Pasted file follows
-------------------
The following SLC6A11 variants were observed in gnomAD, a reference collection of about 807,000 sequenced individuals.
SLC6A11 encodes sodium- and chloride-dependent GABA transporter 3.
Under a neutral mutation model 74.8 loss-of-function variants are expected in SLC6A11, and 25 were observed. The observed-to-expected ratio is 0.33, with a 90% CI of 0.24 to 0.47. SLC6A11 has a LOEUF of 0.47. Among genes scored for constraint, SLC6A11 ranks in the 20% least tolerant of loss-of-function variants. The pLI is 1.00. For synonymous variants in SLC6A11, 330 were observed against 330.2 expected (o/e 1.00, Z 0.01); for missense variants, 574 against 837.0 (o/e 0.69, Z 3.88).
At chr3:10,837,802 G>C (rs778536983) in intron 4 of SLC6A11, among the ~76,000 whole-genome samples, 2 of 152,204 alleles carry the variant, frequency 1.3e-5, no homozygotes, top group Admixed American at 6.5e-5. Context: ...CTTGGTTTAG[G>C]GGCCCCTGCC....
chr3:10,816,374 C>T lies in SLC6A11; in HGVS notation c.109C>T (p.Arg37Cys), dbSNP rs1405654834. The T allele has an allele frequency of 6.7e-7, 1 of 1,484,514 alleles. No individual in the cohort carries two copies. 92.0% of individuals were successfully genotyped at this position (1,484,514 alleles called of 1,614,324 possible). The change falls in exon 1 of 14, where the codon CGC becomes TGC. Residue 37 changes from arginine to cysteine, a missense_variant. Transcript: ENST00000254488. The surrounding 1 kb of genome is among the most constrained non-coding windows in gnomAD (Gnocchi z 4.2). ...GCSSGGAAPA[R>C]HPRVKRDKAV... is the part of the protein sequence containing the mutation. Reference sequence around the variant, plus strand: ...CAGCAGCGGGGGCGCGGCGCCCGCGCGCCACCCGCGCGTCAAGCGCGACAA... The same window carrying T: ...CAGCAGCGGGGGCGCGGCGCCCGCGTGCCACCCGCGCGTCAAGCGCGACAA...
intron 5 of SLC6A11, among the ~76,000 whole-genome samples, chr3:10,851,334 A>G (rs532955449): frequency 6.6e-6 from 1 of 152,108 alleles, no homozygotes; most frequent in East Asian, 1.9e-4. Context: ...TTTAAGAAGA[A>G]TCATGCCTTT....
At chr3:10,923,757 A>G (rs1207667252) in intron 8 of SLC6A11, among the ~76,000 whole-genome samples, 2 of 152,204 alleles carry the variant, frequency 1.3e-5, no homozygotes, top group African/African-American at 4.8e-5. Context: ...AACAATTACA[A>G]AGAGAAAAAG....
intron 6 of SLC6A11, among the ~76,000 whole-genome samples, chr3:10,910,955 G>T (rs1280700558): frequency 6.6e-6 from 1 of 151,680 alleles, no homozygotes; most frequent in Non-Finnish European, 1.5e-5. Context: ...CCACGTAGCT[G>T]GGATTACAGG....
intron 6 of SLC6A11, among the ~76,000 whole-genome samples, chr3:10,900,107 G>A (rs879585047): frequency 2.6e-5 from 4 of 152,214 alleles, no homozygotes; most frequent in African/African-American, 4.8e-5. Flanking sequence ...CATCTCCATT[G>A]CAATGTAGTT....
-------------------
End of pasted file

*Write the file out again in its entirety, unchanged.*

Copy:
The following SLC6A11 variants were observed in gnomAD, a reference collection of about 807,000 sequenced individuals.
SLC6A11 encodes sodium- and chloride-dependent GABA transporter 3.
Under a neutral mutation model 74.8 loss-of-function variants are expected in SLC6A11, and 25 were observed. The observed-to-expected ratio is 0.33, with a 90% CI of 0.24 to 0.47. SLC6A11 has a LOEUF of 0.47. Among genes scored for constraint, SLC6A11 ranks in the 20% least tolerant of loss-of-function variants. The pLI is 1.00. For synonymous variants in SLC6A11, 330 were observed against 330.2 expected (o/e 1.00, Z 0.01); for missense variants, 574 against 837.0 (o/e 0.69, Z 3.88).
At chr3:10,837,802 G>C (rs778536983) in intron 4 of SLC6A11, among the ~76,000 whole-genome samples, 2 of 152,204 alleles carry the variant, frequency 1.3e-5, no homozygotes, top group Admixed American at 6.5e-5. Context: ...CTTGGTTTAG[G>C]GGCCCCTGCC....
chr3:10,816,374 C>T lies in SLC6A11; in HGVS notation c.109C>T (p.Arg37Cys), dbSNP rs1405654834. The T allele has an allele frequency of 6.7e-7, 1 of 1,484,514 alleles. No individual in the cohort carries two copies. 92.0% of individuals were successfully genotyped at this position (1,484,514 alleles called of 1,614,324 possible). The change falls in exon 1 of 14, where the codon CGC becomes TGC. Residue 37 changes from arginine to cysteine, a missense_variant. Transcript: ENST00000254488. The surrounding 1 kb of genome is among the most constrained non-coding windows in gnomAD (Gnocchi z 4.2). ...GCSSGGAAPA[R>C]HPRVKRDKAV... is the part of the protein sequence containing the mutation. Reference sequence around the variant, plus strand: ...CAGCAGCGGGGGCGCGGCGCCCGCGCGCCACCCGCGCGTCAAGCGCGACAA... The same window carrying T: ...CAGCAGCGGGGGCGCGGCGCCCGCGTGCCACCCGCGCGTCAAGCGCGACAA...
intron 5 of SLC6A11, among the ~76,000 whole-genome samples, chr3:10,851,334 A>G (rs532955449): frequency 6.6e-6 from 1 of 152,108 alleles, no homozygotes; most frequent in East Asian, 1.9e-4. Context: ...TTTAAGAAGA[A>G]TCATGCCTTT....
At chr3:10,923,757 A>G (rs1207667252) in intron 8 of SLC6A11, among the ~76,000 whole-genome samples, 2 of 152,204 alleles carry the variant, frequency 1.3e-5, no homozygotes, top group African/African-American at 4.8e-5. Context: ...AACAATTACA[A>G]AGAGAAAAAG....
intron 6 of SLC6A11, among the ~76,000 whole-genome samples, chr3:10,910,955 G>T (rs1280700558): frequency 6.6e-6 from 1 of 151,680 alleles, no homozygotes; most frequent in Non-Finnish European, 1.5e-5. Context: ...CCACGTAGCT[G>T]GGATTACAGG....
intron 6 of SLC6A11, among the ~76,000 whole-genome samples, chr3:10,900,107 G>A (rs879585047): frequency 2.6e-5 from 4 of 152,214 alleles, no homozygotes; most frequent in African/African-American, 4.8e-5. Flanking sequence ...CATCTCCATT[G>A]CAATGTAGTT....